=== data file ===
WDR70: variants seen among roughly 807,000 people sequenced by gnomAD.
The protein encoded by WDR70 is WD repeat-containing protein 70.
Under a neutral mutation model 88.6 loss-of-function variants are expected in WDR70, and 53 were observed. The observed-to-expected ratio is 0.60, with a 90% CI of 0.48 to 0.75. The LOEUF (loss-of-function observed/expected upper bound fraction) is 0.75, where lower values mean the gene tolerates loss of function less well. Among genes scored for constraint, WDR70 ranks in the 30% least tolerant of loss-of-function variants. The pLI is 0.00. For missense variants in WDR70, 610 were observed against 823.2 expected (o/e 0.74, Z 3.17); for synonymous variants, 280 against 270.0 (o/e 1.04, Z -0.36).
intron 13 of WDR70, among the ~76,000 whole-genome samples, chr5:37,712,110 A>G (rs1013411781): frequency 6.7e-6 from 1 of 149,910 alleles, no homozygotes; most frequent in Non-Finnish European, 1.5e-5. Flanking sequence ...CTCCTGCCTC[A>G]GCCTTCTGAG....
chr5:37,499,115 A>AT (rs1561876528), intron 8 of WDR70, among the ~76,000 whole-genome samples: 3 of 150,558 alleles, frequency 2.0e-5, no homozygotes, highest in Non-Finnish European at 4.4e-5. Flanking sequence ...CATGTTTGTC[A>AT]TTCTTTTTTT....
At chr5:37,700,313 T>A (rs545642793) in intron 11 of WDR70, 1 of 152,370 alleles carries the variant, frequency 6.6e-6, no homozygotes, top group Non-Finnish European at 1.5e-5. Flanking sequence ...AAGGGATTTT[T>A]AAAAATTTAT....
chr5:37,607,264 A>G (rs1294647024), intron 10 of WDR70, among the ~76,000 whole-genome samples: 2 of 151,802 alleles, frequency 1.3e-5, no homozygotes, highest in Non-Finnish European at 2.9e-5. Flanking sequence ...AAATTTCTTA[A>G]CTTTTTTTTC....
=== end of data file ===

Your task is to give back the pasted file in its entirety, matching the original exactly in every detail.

WDR70: variants seen among roughly 807,000 people sequenced by gnomAD.
The protein encoded by WDR70 is WD repeat-containing protein 70.
Under a neutral mutation model 88.6 loss-of-function variants are expected in WDR70, and 53 were observed. The observed-to-expected ratio is 0.60, with a 90% CI of 0.48 to 0.75. The LOEUF (loss-of-function observed/expected upper bound fraction) is 0.75, where lower values mean the gene tolerates loss of function less well. Among genes scored for constraint, WDR70 ranks in the 30% least tolerant of loss-of-function variants. The pLI is 0.00. For missense variants in WDR70, 610 were observed against 823.2 expected (o/e 0.74, Z 3.17); for synonymous variants, 280 against 270.0 (o/e 1.04, Z -0.36).
intron 13 of WDR70, among the ~76,000 whole-genome samples, chr5:37,712,110 A>G (rs1013411781): frequency 6.7e-6 from 1 of 149,910 alleles, no homozygotes; most frequent in Non-Finnish European, 1.5e-5. Flanking sequence ...CTCCTGCCTC[A>G]GCCTTCTGAG....
chr5:37,499,115 A>AT (rs1561876528), intron 8 of WDR70, among the ~76,000 whole-genome samples: 3 of 150,558 alleles, frequency 2.0e-5, no homozygotes, highest in Non-Finnish European at 4.4e-5. Flanking sequence ...CATGTTTGTC[A>AT]TTCTTTTTTT....
At chr5:37,700,313 T>A (rs545642793) in intron 11 of WDR70, 1 of 152,370 alleles carries the variant, frequency 6.6e-6, no homozygotes, top group Non-Finnish European at 1.5e-5. Flanking sequence ...AAGGGATTTT[T>A]AAAAATTTAT....
chr5:37,607,264 A>G (rs1294647024), intron 10 of WDR70, among the ~76,000 whole-genome samples: 2 of 151,802 alleles, frequency 1.3e-5, no homozygotes, highest in Non-Finnish European at 2.9e-5. Flanking sequence ...AAATTTCTTA[A>G]CTTTTTTTTC....